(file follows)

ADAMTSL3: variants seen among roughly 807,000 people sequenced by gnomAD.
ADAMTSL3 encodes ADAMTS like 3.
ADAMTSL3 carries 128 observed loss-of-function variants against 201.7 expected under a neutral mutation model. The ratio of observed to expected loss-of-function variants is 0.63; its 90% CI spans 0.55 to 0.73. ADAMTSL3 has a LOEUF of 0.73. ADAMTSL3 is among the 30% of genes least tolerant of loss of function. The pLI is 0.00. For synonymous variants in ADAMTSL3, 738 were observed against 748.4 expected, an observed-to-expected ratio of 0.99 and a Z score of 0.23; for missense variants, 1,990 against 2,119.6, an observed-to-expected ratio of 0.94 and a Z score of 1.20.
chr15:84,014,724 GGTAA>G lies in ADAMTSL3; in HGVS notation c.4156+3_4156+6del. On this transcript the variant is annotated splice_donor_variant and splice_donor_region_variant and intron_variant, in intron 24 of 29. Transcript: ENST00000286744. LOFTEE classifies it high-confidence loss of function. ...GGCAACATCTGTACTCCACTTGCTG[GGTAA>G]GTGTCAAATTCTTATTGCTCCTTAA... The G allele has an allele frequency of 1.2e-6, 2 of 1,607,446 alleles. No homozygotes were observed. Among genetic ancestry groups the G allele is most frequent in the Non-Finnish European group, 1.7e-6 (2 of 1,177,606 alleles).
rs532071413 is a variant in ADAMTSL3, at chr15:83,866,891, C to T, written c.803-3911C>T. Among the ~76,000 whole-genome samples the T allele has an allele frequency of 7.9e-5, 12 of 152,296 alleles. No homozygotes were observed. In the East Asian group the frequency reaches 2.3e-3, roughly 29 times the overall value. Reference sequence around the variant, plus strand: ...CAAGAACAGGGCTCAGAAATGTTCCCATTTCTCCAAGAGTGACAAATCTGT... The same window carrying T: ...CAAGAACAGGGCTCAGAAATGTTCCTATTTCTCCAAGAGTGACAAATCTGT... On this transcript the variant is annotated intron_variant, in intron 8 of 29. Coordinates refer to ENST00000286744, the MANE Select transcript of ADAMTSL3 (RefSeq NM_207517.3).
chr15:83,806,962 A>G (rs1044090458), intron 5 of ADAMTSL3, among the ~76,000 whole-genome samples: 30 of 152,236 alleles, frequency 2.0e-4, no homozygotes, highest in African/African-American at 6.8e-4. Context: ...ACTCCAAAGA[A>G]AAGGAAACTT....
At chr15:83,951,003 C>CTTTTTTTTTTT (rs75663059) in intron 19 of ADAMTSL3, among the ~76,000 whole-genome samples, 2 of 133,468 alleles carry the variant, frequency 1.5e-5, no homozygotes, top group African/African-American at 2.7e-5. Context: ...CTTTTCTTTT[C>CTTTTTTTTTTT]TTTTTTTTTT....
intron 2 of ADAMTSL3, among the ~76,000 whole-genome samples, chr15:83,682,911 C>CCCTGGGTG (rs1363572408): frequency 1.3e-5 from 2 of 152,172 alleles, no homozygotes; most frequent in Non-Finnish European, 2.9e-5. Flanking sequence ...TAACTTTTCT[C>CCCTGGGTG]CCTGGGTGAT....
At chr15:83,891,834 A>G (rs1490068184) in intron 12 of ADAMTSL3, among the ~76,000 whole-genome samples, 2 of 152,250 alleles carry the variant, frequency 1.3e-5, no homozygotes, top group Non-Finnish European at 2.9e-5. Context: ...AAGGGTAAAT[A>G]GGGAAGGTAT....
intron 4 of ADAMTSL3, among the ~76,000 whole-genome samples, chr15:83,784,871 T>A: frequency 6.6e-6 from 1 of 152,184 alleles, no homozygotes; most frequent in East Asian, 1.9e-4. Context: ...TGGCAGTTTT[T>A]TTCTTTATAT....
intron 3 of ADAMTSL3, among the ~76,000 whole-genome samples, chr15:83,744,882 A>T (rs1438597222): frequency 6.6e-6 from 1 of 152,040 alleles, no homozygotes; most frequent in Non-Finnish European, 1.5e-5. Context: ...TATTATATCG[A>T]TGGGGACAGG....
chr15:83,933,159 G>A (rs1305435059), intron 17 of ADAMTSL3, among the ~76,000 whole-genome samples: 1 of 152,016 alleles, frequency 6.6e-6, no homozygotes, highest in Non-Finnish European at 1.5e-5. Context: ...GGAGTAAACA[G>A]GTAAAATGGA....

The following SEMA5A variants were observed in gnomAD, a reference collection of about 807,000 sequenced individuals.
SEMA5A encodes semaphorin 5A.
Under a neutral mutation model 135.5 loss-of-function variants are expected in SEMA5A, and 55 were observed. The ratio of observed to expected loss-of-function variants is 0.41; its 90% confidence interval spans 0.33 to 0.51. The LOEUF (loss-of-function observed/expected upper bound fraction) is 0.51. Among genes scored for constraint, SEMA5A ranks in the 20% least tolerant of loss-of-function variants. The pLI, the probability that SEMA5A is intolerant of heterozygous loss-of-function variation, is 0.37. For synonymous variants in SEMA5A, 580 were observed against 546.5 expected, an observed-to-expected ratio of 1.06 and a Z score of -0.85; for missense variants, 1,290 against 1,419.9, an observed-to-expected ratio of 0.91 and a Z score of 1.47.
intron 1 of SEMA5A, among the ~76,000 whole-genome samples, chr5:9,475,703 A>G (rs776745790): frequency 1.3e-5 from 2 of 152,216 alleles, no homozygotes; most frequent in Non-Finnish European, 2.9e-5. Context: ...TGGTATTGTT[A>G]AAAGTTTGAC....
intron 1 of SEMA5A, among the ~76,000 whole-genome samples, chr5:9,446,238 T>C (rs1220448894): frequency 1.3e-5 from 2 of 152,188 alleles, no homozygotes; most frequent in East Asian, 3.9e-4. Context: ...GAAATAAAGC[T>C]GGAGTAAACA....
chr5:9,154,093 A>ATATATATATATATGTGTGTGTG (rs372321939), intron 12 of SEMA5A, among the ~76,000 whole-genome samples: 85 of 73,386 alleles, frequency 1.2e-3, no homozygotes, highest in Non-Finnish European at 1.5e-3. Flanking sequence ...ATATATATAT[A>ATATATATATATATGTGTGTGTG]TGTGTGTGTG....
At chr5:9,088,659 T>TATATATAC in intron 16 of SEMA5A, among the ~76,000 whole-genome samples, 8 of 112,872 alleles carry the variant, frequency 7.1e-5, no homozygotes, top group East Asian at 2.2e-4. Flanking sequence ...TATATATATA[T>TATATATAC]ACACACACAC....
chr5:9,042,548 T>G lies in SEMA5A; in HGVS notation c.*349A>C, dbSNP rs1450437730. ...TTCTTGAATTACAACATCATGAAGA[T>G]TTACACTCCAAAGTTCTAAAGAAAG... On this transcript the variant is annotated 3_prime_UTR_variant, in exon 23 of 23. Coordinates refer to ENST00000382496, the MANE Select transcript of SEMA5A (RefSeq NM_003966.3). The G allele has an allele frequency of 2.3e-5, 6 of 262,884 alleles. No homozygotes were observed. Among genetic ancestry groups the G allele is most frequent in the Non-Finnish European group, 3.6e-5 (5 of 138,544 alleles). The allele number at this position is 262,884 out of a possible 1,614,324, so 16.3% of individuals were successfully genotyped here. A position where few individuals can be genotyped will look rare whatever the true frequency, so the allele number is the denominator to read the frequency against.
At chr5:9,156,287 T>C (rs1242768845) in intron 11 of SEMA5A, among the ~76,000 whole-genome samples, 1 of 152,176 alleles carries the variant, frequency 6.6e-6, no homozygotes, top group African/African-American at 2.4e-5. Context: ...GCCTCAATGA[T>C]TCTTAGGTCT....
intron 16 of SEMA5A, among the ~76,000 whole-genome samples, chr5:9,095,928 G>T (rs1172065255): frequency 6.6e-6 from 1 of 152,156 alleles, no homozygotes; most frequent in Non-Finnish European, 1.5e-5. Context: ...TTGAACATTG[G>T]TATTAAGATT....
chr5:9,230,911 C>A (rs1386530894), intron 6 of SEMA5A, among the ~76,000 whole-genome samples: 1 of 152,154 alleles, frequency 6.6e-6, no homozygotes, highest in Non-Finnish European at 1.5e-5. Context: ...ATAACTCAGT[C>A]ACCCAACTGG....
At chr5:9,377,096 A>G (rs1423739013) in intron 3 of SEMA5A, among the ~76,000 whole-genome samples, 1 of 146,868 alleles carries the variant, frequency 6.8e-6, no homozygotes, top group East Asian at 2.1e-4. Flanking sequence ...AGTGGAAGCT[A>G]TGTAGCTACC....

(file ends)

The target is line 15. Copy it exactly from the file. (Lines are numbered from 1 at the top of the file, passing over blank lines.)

Under a neutral mutation model 135.5 loss-of-function variants are expected in SEMA5A, and 55 were observed. The ratio of observed to expected loss-of-function variants is 0.41; its 90% confidence interval spans 0.33 to 0.51. The LOEUF (loss-of-function observed/expected upper bound fraction) is 0.51. Among genes scored for constraint, SEMA5A ranks in the 20% least tolerant of loss-of-function variants. The pLI, the probability that SEMA5A is intolerant of heterozygous loss-of-function variation, is 0.37. For synonymous variants in SEMA5A, 580 were observed against 546.5 expected, an observed-to-expected ratio of 1.06 and a Z score of -0.85; for missense variants, 1,290 against 1,419.9, an observed-to-expected ratio of 0.91 and a Z score of 1.47.